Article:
[8] | A. V. Andreev, I. L. Aleiner and A. J. Millis, “Dynamical Symmetry Breaking as the Origin of the Zero-dc-Resistance State in an ac-Driven System,” Physical Review Letters, Vol. 91, No. 5, 2003, Article ID: 056803. doi:10.1103/PhysRevLett.91.056803 |

[9] | A. C. Durst, S. Sachdev, N. Read and S. M. Girvin, “Radiation-Induced Magnetoresistance Oscillations in a 2D Electron Gas,” Physical Review Letters, Vol. 91, No. 8, 2003, Article ID: 086803. doi:10.1103/PhysRevLett.91.086803 |

[10] | J. Shi and X. C. Xie, “Radiation-Induced Zero-Resistance State and the Photon-Assisted Transport,” Physical Review Letters, Vol. 91, No. 8, 2003, Article ID: 086801. doi:10.1103/PhysRevLett.91.086801 |

[11] | F. S. Bergeret, B. Huckestein and A. F. Volkov, “Current- Voltage Characteristics and the Zero-Resistance State in a Two-Dimensional Electron Gas,” Physical Review B, Vol. 67, 2003, Article ID: 241303. doi:10.1103/PhysRevB.67.241303 |

[12] | S. Fujita, S. Godoy and D. Nguyen, “Bloch Electron Dynamics,” Foundation of Physics, Vol. 25, No. 8, 1995, pp. 1209-1220. doi:10.1007/BF02055258 |

[13] | J. Bardeen, L. N. Cooper and J. R. Schrieffer, “Theory of Superconductivity,” Physical Review, Vol. 108, No. 5, 1957, pp. 1175-1204. doi:10.1103/PhysRev.108.1175 |

[14] | S. Fujita, Y. Tamura and A. Suzuki, “Microscopic Theory of the Quantum Hall Effect,” Modern Physics Letters B, Vol. 15, No. 20, 2001, pp. 817-825. doi:10.1142/S0217984901002610 |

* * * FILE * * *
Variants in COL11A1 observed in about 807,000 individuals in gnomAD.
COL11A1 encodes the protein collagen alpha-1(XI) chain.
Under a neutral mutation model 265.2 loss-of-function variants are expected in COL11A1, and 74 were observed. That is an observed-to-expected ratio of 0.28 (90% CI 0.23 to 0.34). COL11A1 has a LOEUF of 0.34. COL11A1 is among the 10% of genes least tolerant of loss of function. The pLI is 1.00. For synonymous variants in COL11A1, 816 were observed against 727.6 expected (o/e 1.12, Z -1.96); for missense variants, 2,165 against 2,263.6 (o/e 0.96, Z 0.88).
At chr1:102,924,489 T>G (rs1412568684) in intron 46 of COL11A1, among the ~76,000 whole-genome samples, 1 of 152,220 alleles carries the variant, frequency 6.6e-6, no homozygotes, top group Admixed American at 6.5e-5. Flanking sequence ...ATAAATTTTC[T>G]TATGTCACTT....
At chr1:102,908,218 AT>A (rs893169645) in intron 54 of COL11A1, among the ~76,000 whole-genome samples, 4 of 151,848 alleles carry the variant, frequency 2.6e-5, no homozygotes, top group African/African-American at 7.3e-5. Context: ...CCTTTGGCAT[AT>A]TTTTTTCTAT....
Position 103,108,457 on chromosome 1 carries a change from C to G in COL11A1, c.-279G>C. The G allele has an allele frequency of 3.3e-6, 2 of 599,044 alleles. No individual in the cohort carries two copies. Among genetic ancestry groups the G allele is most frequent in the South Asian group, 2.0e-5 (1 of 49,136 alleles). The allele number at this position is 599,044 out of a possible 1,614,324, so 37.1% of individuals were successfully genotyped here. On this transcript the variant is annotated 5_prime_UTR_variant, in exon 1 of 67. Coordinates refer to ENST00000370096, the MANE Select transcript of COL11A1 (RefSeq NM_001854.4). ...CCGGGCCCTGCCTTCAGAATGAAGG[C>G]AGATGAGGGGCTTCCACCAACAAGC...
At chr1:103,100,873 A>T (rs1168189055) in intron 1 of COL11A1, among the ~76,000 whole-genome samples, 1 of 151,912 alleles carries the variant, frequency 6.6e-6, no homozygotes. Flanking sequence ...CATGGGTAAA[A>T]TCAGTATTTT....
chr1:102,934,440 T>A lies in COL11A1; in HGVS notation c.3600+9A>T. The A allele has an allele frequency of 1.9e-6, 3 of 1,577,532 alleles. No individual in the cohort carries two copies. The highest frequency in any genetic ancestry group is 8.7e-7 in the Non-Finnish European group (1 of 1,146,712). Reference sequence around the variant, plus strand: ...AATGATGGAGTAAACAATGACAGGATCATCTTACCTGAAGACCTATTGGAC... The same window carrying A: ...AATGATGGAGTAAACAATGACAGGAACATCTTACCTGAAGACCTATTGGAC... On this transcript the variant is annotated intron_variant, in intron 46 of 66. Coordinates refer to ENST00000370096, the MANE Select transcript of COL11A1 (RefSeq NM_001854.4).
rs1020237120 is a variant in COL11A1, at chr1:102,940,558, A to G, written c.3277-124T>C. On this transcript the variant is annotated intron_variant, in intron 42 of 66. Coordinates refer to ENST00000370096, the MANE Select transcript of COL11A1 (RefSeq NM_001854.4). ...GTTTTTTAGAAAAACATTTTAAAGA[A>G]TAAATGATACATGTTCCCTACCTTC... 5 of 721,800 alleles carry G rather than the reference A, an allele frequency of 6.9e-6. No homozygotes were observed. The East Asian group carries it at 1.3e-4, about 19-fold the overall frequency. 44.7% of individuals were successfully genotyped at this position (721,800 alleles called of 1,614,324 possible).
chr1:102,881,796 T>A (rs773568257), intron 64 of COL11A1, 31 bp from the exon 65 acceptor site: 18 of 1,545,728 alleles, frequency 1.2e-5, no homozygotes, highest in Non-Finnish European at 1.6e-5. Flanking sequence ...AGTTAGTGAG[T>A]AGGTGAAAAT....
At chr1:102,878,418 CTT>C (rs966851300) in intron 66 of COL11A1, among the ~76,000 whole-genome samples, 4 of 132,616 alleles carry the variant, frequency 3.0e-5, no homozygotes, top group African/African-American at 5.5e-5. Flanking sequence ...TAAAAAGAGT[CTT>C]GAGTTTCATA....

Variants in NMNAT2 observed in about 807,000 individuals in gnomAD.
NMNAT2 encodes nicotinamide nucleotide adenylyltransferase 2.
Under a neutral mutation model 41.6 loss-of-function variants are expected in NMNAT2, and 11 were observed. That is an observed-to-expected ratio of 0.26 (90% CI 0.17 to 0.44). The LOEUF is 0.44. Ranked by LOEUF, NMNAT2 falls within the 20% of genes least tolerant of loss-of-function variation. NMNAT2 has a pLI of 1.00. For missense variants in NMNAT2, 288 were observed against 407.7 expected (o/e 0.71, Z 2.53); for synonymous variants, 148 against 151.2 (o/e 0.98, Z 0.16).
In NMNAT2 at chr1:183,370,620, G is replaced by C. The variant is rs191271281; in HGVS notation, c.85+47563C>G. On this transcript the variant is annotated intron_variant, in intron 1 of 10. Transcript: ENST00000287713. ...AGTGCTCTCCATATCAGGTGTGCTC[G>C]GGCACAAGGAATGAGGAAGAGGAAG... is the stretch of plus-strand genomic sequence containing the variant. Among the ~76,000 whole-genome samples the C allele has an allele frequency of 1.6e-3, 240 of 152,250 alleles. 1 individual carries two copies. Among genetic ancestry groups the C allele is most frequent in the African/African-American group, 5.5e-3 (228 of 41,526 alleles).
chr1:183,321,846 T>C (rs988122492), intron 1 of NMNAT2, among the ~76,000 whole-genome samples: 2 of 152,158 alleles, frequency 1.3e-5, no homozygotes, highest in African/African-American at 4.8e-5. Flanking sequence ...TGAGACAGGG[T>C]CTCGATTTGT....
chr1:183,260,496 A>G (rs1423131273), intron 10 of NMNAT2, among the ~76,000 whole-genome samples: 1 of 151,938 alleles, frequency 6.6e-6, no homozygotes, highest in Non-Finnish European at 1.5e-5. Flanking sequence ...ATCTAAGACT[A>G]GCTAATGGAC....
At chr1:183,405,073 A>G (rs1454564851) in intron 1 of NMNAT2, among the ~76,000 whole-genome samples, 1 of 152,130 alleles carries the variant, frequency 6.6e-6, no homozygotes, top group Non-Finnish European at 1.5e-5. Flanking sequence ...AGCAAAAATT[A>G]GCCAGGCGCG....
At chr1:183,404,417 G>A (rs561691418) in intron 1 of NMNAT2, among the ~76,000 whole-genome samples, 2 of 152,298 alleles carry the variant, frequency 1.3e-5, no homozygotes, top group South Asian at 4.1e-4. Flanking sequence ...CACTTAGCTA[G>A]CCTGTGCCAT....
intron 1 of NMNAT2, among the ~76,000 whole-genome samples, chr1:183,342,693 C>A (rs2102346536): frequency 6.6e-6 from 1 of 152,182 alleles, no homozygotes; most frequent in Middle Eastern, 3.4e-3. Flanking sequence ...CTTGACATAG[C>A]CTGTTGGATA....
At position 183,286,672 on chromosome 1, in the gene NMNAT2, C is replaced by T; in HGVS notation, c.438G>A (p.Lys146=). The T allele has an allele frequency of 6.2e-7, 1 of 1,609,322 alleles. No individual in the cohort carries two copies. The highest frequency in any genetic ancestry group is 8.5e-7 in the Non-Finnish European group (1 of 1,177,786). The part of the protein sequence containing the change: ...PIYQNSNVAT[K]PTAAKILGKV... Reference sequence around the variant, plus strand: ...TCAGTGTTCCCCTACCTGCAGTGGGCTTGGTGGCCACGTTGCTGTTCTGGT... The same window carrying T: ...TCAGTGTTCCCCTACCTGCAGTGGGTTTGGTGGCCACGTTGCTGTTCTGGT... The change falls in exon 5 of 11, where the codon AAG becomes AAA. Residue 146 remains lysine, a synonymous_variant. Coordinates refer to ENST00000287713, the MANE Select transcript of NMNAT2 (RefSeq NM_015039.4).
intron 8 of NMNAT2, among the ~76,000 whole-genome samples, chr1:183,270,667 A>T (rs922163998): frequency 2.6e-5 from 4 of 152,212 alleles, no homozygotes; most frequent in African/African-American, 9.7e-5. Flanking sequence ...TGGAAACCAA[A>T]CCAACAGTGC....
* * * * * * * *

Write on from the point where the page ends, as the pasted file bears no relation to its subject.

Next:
[15] | R. B. Laughlin, “Anomalous Quantum Hall Effect: An Incompressible Quantum Fluid with Fractionally Charged Excitations,” Physical Review Letters, Vol. 50, No. 18, 1983, pp. 1395-1398. doi:10.1103/PhysRevLett.50.1395 |

[16] | F. D. M. Haldane, “Fractional Quantization of the Hall Effect: A Hierarchy of Incompressible Quantum Fluid States,” Physical Review Letters, Vol. 51, No. 7, 1983, pp. 605-608. doi:10.1103/PhysRevLett.51.605 |

[17] | J. K. Jain, “Composite-Fermion Approach for the Fractional Quantum Hall Effect,” Physical Review Letters, Vol. 63, No. 2, 1989, pp. 199-202. doi:10.1103/PhysRevLett.63.199 |

[18] | J. K. Jain, “Incompressible Quantum Hall States,” Physical Review B, Vol. 40, No. 11, 1989, pp. 8079-8082. doi:10.1103/PhysRevB.40.8079 |

[19] | J. K. Jain, “Theory of the Fractional Quantum Hall effect,” Physical Review B, Vol. 41, No. 11, 1990, pp. 7653- 7665. doi:10.1103/PhysRevB.41.7653 |

[20] | R. E. Prange and S. M. Girvin, “The Quantum Hall Effect,” 2nd Edition, Springer-Verlag, New York, 1990. |

[21] | Z. F. Ezawa, “Quantum Hall Effects,” World Scientific, Singapore, 2000. |

[22] | M. Stone, “Quantum Hall Effect,” World Scientific, Singapore, 1992. |

[23] | T. Chakraborty and P. Pietilainen, “Quantum Hall Effects,” 2nd Edition, Springer-Verlag, Berlin, 1995. doi:10.1007/978-3-642-79319-6 |

Journals Menu

Contact us

+1 323-425-8868 | |

customer@scirp.org | |

+86 18163351462(WhatsApp) | |

1655362766 | |

Paper Publishing WeChat |

Copyright © 2024 by authors and Scientific Research Publishing Inc.

This work and the related PDF file are licensed under a Creative Commons Attribution 4.0 International License.